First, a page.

Urinary Tract Infection And Serodiagnosis Essay
Answer: The three ways in which urinary tract infections may be acquired are:
Sexual Contact: Sexual contact will not only lead to sexually transmitted diseases (STDs), but may also lead to urinary tract infections. Cystitis, vaginitis, urethritis or acute urethral infection can be a common occurrence in the presence of bacterias like E.coli or Chlamydia trachomatis. symptoms will be burning, itching, increased frequency of micturition (Najar, Saldahna, Banday, 2009) . Having sexual contact with a person affected with Urinary tract infection of any kind, increases the risk of contacting the infection manifolds.Urinary Tract Infection And Serodiagnosis Essay. The unaffected partner gets exposed to the microorganism and thus develops increased proneness to infection.
Decreased urinary flow: Inadequate intake of water, neurogenic bladder and obstruction in the outflow of the urine due to any cause like prostatitis, carcinoma, tumor like growth etc., may increase the susceptibility towards development of the urinary tract infection. The altered chemical balance will favor the growth of the microbes in the periurethral region thus leading to development of infection.
Catheterization: Insertion of catheters following urinary flow impedances or obstruction increases the risk of Urinary tract infection. The reasons are many, like insertion of a catheter is introduction of a foreign body into the urethra, thus evoking a response from the body. Another cause is insertion into the urethra drags the microbes up, back into the urethra instead of propelling them forward and helping in their expulsion (Aunet.org, 2015).
Answer: Primary antibody response is the response generated by the body on the first instance of exposure to a particular antigen. The body starts forming antibodies few days after the exposure. This time taken is known as the latent period. The patient thus has to face the initial sufferings post the first attack by the antigen.
Whereas the secondary antibody response is the response that develops at the second or subsequent exposure with a particular antigen. The body now becomes adjusted, it has stored antibodies that were formed during the first exposure.Urinary Tract Infection And Serodiagnosis Essay. Those cells have the so-called :memory” which enables them to fight with the antigen on their further entry into the body(Primary and secondary antibody responses, 2014).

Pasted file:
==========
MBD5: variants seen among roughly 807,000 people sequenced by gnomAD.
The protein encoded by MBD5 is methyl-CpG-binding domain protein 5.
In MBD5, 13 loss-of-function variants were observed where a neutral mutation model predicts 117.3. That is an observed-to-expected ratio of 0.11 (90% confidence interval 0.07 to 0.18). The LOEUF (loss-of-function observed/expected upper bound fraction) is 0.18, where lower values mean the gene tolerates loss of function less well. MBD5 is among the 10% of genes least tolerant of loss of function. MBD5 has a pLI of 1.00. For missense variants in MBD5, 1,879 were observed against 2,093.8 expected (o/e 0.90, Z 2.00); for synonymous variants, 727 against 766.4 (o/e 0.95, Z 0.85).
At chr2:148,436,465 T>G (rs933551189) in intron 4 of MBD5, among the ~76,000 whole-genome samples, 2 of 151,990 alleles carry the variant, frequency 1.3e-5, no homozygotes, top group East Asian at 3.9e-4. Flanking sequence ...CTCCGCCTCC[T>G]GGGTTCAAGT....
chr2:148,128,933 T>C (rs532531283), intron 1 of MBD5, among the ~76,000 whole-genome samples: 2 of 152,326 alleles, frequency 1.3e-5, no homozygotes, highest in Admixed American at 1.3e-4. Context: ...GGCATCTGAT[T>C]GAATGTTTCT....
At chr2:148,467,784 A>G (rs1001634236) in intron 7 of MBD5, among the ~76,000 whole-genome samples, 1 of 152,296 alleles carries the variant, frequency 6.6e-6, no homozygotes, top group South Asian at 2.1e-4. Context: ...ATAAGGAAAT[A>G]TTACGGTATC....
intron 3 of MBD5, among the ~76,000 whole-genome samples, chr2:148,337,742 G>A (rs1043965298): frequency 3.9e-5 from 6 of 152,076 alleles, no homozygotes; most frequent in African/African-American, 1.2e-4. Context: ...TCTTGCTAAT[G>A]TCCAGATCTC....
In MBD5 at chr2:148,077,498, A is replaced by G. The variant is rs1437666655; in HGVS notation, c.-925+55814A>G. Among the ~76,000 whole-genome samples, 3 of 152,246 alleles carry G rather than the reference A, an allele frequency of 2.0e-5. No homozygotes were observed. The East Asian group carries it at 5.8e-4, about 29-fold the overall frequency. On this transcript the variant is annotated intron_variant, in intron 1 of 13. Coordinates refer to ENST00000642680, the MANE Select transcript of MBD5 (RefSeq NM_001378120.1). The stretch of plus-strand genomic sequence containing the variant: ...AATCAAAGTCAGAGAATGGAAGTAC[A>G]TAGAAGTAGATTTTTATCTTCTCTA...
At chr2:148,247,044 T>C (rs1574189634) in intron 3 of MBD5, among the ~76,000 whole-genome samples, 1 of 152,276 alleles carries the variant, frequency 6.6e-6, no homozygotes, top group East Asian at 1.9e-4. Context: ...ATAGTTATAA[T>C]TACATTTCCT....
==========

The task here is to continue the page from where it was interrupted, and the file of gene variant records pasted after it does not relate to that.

Answer: Acute sera is the serum of the patient the is obtained from the patient during the course of his illness, the serum thus obtained is the one which is freshly obtained from and infected patient. Whereas, the convalescent serum is the serum that is taken out of the patient after he has recovered from a certain illness, it is usually the time period almost 4 weeks after the treatment of that particular disease that the serum is said to be convalescent (Answers.com, 2015). Both the types will demonstrate rich number of antigens present in them, thus helping in the diagnosis of the disease. The titres are indicative of the severity if the disease. Thus the levels are required to be known prior to the treatment of the diseases and hence the tests are essential for the diagnosis and prognosis of the case in question.Urinary Tract Infection And Serodiagnosis Essay. A check on the titres will be indicative of the efficacy of the prescribed treatment thus making it easier to give the right diagnosis and prognosis of the concerned case.
Answers.com,. (2015). What are acute and convalescent sera. Retrieved 7 February 2015, from http://www.answers.com/Q/What_are_acute_and_convalescent_sera
Auanet.org,. (2015). Adult UTI: American Urological Association. Retrieved 7 February 2015, from https://www.auanet.org/education/adult-uti.cfm
Najar, M., Saldanha, C., & Banday, K. (2009). Approach to urinary tract infections. Indian J Nephrol,19(4), 129. doi:10.4103/0971-4065.59333
Primary and Secondary Antibody Responses. (2014). Boundless. Retrieved from https://www.boundless.com/microbiology/textbooks/boundless-microbiology-textbook/immunology-11/antibodies-141/primary-and-secondary-antibody-responses-719-6154/
Urinary tract infection and asymptomatic bacteriuria are common in older adults. Unlike in younger adults, distinguishing symptomatic urinary tract infection from asymptomatic bacteriuria is problematic, as older adults, particularly those living in long-term care facilities, are less likely to present with localized genitourinary symptoms. Consensus guidelines have been published to assist clinicians with diagnosis and treatment of urinary tract infection; however, a single evidence-based approach to diagnosis of urinary tract infection does not exist. In the absence of a gold standard definition of urinary tract infection that clinicians agree upon, overtreatment with antibiotics for suspected urinary tract infection remains a significant problem, and leads to a variety of negative consequences including the development of multidrug-resistant organisms. Future studies improving the diagnostic accuracy of urinary tract infections are needed. This review will cover the prevalence, diagnosis and diagnostic challenges, management, and prevention of urinary tract infection and asymptomatic bacteriuria in older adults. Urinary Tract Infection And Serodiagnosis Essay.